Five minutes to fame, The Hindu, Dated- 28th April 2016

Five minutes to fame

A scene from 'How to edit a ‘Crispy’ Commercial Film'

A scene from ‘How to edit a ‘Crispy’ Commercial Film’

Put Chutney’s YouTube videos are creating a new trend in the promotion of Tamil films

When Avengers: Age of Ultron released in 2015, there were many who wanted to capitalise on the success of the franchise. There were merchandises and memes. And then, there was Put Chutney, a popular YouTube channel owned by Culture Machine, that wanted to ride the wave of enthusiasm that preceded the release of the Marvel movie. Their quirky video titled ‘What if The Avengers were from South India’ got 14,43,011 views.

Now, the channel has become the harbinger for films from K-town. Even those who are completely cut off from the film world are now likely to hear about this weekend’s latest release; courtesy: Put Chutney’s promo videos. Looks like the tables have been turned, doesn’t it? “Well, it’s a nice place to be in,” grins Rajiv Rajaram, creative director, Culture Machine, South India.

Put Chutney has created a little Internet universe with its own recognisable characters. These videos, around five minutes long, peppered with humour, have a loyal viewer base, so when a film promo video featuring celebrities is uploaded, it invites further interest. “The first promo video for Jil Jung Juk (10 Elements of a Commercial Film) happened because of a chance meeting with actor Siddharth.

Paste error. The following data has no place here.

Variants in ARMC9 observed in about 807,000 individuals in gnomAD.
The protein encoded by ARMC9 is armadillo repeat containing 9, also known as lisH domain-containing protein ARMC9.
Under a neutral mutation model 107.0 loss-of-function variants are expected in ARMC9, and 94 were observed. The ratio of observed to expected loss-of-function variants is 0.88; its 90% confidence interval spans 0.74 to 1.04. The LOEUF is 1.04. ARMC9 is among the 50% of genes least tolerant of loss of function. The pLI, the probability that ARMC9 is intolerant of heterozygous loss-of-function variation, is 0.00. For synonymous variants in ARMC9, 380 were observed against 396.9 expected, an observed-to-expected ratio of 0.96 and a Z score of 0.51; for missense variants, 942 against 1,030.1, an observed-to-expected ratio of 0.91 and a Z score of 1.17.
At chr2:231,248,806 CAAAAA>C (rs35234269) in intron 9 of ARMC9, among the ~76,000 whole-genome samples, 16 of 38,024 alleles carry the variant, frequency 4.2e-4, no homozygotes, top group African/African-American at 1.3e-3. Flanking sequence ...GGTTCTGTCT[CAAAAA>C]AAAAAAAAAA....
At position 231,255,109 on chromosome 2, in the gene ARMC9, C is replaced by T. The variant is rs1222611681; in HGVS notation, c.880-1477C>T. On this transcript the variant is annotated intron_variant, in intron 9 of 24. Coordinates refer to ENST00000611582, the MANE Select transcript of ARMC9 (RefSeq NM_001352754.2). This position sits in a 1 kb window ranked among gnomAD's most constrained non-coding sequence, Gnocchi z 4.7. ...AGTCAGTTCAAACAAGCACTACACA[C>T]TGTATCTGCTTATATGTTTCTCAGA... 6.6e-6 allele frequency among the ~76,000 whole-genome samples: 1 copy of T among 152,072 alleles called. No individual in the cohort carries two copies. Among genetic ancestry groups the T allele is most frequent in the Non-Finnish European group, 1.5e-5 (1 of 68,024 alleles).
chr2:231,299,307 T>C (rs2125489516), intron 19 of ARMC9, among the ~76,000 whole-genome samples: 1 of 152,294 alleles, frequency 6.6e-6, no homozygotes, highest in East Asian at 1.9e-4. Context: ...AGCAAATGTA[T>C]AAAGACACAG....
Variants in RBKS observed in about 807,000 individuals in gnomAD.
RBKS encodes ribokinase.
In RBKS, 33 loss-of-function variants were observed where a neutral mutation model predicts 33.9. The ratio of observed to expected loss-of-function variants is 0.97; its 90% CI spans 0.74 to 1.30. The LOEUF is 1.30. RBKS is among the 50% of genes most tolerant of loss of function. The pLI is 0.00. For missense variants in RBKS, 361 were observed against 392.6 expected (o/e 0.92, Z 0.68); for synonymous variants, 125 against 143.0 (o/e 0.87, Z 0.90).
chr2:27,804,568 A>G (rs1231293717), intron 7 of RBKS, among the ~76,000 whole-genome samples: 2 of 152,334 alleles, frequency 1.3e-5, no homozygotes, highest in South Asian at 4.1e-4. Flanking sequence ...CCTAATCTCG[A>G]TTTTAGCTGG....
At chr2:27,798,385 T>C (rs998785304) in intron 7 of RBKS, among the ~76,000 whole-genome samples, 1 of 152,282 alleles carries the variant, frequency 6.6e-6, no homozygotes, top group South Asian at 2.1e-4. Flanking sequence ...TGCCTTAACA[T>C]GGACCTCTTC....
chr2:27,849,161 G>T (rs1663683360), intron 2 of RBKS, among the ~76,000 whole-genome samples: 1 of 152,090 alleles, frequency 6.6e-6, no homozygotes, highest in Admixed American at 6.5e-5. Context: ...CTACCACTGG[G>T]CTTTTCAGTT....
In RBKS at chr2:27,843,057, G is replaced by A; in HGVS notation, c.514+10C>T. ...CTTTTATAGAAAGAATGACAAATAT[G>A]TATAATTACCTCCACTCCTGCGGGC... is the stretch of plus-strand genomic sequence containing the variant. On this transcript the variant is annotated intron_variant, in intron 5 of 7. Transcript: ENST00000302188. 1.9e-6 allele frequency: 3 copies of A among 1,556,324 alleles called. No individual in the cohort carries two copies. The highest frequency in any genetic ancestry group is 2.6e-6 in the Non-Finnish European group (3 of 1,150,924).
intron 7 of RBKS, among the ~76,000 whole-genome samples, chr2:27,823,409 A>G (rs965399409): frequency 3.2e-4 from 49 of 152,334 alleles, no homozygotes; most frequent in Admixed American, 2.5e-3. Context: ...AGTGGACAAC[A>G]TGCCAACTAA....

A scene from ‘First Ever Zombie Encounter’

He’s a hardcore information junkie — he’s active on social media and understands how pop culture works. That was a huge advantage; he understood the language we spoke,” says Rajiv. Siddharth called back, he adds, when they decided to trim the film based on audience response. Thirty hours later, a new video (How to edit a ‘Crispy’ Commercial Film) went up, announcing the change. Jayam Ravi happened to watch these and next came ‘First Ever Zombie Encounter’ to announce his film Miruthan. The hilarious video not only created a buzz about the film, but also showed the actor taking a dig at himself. “It’s interesting to watch an actor come into this fray. They are game to try different concepts,” says Rajiv.

There have been more promo videos — for Aviyal, Darling 2 and Ennul Aayiram. Unlike TV trailers, these offer fresh content. And, they have no censors or formats to fit into. Most importantly, they can be shared. “It is a first-of-its-kind movie promotion in the South, which directly targets opinion makers on social media.

The film industry runs on creative function. They are constantly looking for new avenues to promote films; this is just the beginning, there’s a long way to go,” says Rajiv.

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